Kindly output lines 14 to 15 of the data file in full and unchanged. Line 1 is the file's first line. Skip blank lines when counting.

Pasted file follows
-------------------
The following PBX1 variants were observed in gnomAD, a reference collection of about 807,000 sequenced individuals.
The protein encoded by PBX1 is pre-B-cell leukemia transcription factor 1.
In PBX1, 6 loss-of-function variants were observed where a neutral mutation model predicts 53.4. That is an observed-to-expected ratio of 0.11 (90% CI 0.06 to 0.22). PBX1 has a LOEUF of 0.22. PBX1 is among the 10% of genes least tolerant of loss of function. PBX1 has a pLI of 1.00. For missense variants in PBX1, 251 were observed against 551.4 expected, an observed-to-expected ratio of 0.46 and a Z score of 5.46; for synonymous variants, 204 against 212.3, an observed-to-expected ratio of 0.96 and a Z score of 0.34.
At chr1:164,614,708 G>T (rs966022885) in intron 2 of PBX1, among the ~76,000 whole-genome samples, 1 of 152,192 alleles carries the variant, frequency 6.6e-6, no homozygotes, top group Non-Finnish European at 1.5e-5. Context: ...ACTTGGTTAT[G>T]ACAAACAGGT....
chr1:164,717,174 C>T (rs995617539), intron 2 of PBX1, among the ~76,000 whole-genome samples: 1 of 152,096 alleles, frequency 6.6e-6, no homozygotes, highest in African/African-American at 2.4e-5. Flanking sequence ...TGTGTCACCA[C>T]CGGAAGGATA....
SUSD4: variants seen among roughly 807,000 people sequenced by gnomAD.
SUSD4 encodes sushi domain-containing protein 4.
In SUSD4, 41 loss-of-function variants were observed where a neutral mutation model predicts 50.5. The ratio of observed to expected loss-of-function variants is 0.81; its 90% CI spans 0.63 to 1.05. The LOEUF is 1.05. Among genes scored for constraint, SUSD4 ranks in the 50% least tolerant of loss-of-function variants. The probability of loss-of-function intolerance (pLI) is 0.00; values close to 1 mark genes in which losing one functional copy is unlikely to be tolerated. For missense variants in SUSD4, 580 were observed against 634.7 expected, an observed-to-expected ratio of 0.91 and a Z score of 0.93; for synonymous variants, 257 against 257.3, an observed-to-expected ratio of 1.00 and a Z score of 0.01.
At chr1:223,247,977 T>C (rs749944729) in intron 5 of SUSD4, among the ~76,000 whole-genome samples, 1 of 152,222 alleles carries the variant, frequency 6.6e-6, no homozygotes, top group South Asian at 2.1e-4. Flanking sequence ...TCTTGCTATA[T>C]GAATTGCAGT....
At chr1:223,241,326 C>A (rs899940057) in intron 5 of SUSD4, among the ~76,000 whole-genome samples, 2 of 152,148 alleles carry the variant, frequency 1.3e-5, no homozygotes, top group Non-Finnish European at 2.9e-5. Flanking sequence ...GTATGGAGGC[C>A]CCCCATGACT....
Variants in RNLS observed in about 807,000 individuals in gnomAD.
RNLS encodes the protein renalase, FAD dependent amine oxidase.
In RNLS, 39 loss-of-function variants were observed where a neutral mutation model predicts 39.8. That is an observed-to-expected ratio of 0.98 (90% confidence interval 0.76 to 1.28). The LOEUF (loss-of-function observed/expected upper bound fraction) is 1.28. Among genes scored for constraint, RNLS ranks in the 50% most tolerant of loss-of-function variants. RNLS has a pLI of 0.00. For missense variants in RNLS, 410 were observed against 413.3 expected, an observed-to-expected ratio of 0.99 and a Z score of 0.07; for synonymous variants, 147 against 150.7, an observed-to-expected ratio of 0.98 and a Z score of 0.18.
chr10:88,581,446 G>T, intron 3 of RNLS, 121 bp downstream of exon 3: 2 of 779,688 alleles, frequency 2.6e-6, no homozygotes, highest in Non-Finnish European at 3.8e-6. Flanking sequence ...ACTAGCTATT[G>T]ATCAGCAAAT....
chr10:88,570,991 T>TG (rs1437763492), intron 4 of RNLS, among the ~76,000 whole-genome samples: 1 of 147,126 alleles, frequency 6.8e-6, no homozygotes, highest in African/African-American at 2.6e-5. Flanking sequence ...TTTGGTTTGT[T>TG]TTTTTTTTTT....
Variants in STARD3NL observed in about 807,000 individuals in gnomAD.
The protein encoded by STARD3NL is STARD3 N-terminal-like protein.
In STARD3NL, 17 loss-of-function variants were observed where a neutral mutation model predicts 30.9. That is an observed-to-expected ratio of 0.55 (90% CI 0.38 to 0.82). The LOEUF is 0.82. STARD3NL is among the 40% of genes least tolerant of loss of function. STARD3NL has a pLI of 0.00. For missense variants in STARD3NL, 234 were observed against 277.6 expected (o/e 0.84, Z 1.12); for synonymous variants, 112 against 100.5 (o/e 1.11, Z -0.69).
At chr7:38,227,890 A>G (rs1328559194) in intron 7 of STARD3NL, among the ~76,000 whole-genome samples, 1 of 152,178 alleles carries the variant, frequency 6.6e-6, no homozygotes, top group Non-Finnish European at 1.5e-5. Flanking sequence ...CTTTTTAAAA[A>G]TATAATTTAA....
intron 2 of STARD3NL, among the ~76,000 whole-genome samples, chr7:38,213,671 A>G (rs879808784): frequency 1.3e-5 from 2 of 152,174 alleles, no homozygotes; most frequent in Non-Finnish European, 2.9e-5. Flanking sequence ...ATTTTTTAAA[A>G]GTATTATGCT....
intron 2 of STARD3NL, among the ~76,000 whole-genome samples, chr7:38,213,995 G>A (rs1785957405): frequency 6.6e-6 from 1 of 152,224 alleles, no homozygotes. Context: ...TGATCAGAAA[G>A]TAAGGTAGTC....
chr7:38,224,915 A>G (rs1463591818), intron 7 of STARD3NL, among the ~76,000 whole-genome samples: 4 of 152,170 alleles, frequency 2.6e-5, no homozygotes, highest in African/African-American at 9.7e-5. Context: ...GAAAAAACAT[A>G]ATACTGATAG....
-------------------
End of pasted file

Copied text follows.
chr10:88,581,446 G>T, intron 3 of RNLS, 121 bp downstream of exon 3: 2 of 779,688 alleles, frequency 2.6e-6, no homozygotes, highest in Non-Finnish European at 3.8e-6. Flanking sequence ...ACTAGCTATT[G>T]ATCAGCAAAT....
chr10:88,570,991 T>TG (rs1437763492), intron 4 of RNLS, among the ~76,000 whole-genome samples: 1 of 147,126 alleles, frequency 6.8e-6, no homozygotes, highest in African/African-American at 2.6e-5. Flanking sequence ...TTTGGTTTGT[T>TG]TTTTTTTTTT....